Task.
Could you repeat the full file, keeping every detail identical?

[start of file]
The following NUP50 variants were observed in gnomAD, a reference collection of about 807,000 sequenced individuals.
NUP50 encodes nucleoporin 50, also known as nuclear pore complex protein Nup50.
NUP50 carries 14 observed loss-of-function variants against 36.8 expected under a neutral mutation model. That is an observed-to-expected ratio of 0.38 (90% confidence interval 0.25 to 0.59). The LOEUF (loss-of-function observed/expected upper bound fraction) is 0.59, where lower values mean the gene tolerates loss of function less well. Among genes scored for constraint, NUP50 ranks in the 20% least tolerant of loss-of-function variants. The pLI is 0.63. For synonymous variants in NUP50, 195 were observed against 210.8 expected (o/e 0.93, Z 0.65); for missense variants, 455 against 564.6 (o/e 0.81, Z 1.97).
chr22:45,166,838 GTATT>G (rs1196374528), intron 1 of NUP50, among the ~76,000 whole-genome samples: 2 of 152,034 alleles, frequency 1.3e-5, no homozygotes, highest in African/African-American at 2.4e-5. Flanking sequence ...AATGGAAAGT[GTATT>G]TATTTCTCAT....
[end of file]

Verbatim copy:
The following NUP50 variants were observed in gnomAD, a reference collection of about 807,000 sequenced individuals.
NUP50 encodes nucleoporin 50, also known as nuclear pore complex protein Nup50.
NUP50 carries 14 observed loss-of-function variants against 36.8 expected under a neutral mutation model. That is an observed-to-expected ratio of 0.38 (90% confidence interval 0.25 to 0.59). The LOEUF (loss-of-function observed/expected upper bound fraction) is 0.59, where lower values mean the gene tolerates loss of function less well. Among genes scored for constraint, NUP50 ranks in the 20% least tolerant of loss-of-function variants. The pLI is 0.63. For synonymous variants in NUP50, 195 were observed against 210.8 expected (o/e 0.93, Z 0.65); for missense variants, 455 against 564.6 (o/e 0.81, Z 1.97).
chr22:45,166,838 GTATT>G (rs1196374528), intron 1 of NUP50, among the ~76,000 whole-genome samples: 2 of 152,034 alleles, frequency 1.3e-5, no homozygotes, highest in African/African-American at 2.4e-5. Flanking sequence ...AATGGAAAGT[GTATT>G]TATTTCTCAT....